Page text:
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Sacha Labourey is CEO and founder of CloudBees.

It took a while for the market to get comfortable with the concept of SaaS, but now the acronym is practically a household term – like cloud or IT. Will the same be said for PaaS a year, two years from now? Maybe, but first people will have to get their heads around exactly what PaaS (Platform as a Service) is and how companies are using it to their advantage.

There certainly is some confusion around PaaS. Think of it as a set of services that software developers use to build and test apps without having to worry about the underlying infrastructure. Developers don’t want to stress about details such as provisioning the servers, installing operating systems, application servers and load-balancers, ensuring adequate storage, and providing the backup resources required to develop and launch an app. They want to write code, test the app, launch the app, and be able to continually make changes needed to fix bugs. The back-end tasks can be done automatically and transparently where they belong – in the background. That’s the promise of PaaS: to industrialize the software deployment best-practices we have built over the last two decades.

PaaS is a little like middleware, the software layer that developers can tap to handle tasks like transactions, security, and clustering, so they can focus on building their custom applications instead of solving those hard problems repeatedly. But with middleware, you still have to configure it, deploy it on servers, manage, and monitor it – and this is typically left to IT teams to do. PaaS pulls together all of these middleware functions and offers them to developers. It also takes care of the operational aspects that were typically owned by IT teams.


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PaaS is a relatively small market now – about a tenth the size of Infrastructure as a Service (IaaS) — but it’s doubling in size every year. By 2020, probably 80 percent of  the new workloads will happen in the public cloud. Every time they face a new need, tomorrow’s CIO will either pick a ready-to-consume SaaS if they can find one that matches their requirements or build an application on top of a PaaS, if they have custom needs a SaaS can’t satisfy. In both cases, they won’t care about what infrastructure is required to make that happen. This is what makes PaaS such an extremely strategic play: It will become the core tool of any enterprise developer.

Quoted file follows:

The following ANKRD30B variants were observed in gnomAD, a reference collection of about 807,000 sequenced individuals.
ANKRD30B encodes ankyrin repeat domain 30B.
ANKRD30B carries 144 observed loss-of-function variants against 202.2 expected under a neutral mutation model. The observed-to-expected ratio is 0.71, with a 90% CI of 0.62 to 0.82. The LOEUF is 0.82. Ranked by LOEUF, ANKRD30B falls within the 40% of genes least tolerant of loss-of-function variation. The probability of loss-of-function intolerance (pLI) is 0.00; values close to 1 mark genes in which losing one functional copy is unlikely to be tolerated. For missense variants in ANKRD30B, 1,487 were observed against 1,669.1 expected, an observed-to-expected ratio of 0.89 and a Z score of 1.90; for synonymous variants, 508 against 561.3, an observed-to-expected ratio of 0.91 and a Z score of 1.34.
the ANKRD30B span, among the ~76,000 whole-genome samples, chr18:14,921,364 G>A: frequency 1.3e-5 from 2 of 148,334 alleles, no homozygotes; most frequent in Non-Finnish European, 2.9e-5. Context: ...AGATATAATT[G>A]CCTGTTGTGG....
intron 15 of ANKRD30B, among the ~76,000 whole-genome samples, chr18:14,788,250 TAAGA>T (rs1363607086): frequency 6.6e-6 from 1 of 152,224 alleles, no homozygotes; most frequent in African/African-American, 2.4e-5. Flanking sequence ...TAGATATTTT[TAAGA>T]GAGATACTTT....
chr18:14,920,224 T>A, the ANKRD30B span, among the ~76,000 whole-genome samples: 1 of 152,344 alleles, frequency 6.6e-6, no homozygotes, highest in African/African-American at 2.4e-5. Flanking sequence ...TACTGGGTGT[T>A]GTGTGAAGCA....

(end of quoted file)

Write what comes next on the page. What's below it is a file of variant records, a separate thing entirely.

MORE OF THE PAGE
There is a myth out there that PaaS is mainly for startups or small companies because big enterprises prefer to maintain more control over their development environments and can’t use PaaS. That’s not true. There are good examples in the market of companies, both big and small, using PaaS to cut costs and improve speed, flexibility, and agility. For example, I’ve seen PaaS used successfully at the following companies [Disclosure: These are all clients of my company, Cloudbees.]

  • Bullhorn, for example, provides SaaS solutions for 2,500 staffing and/or recruiting organizations. The company uses PaaS to accelerate customized application development. The platform allowed the staff to cut the time it spent resolving infrastructure issues by 80 percent.
  • Groupe Adeo, based in France, is the fourth largest Do-It-Yourself (DIY) retailer in the world. It used PaaS to develop an e-commerce application, enabling collaboration among teams in France, India and Belgium. The staff estimates that it set up its project infrastructure five times faster than if it had to initialize the development environment.
  • On the smaller side, Lose It!, based in Boston, used PaaS to develop and run a Java app for weight loss and weight management. With just five staff members, Lose It! didn’t have the resources to set up a server room, and it wanted to get to market quickly. So, it deployed its app on a PaaS and now can manage transaction volumes as high as 25,000 per minute.

Many enterprises are starting to split their IT organization between “Core IT,” the IT we’ve known for decades, and “Fast IT,” a new generation of always-on services, making it possible for enterprises to create new projects very fast, with no IT friction, while still securely leveraging their Core IT.

After years of confusion, PaaS is starting to take its place on center stage – in the market and at shows such as CloudBeat, the cloud gathering hosted by VentureBeat Sept. 9-10 in San Francisco. Attendees will hear from some of the largest companies in the space, like Pivotal, and end users like Netflix that will outline the true power of PaaS. My company, CloudBees, will be there as well, so I encourage you to attend and see how PaaS is helping to shape the app development market.

Sacha Labourey is CEO and founder of CloudBees, a provider of PaaS development, integration and runtime services.

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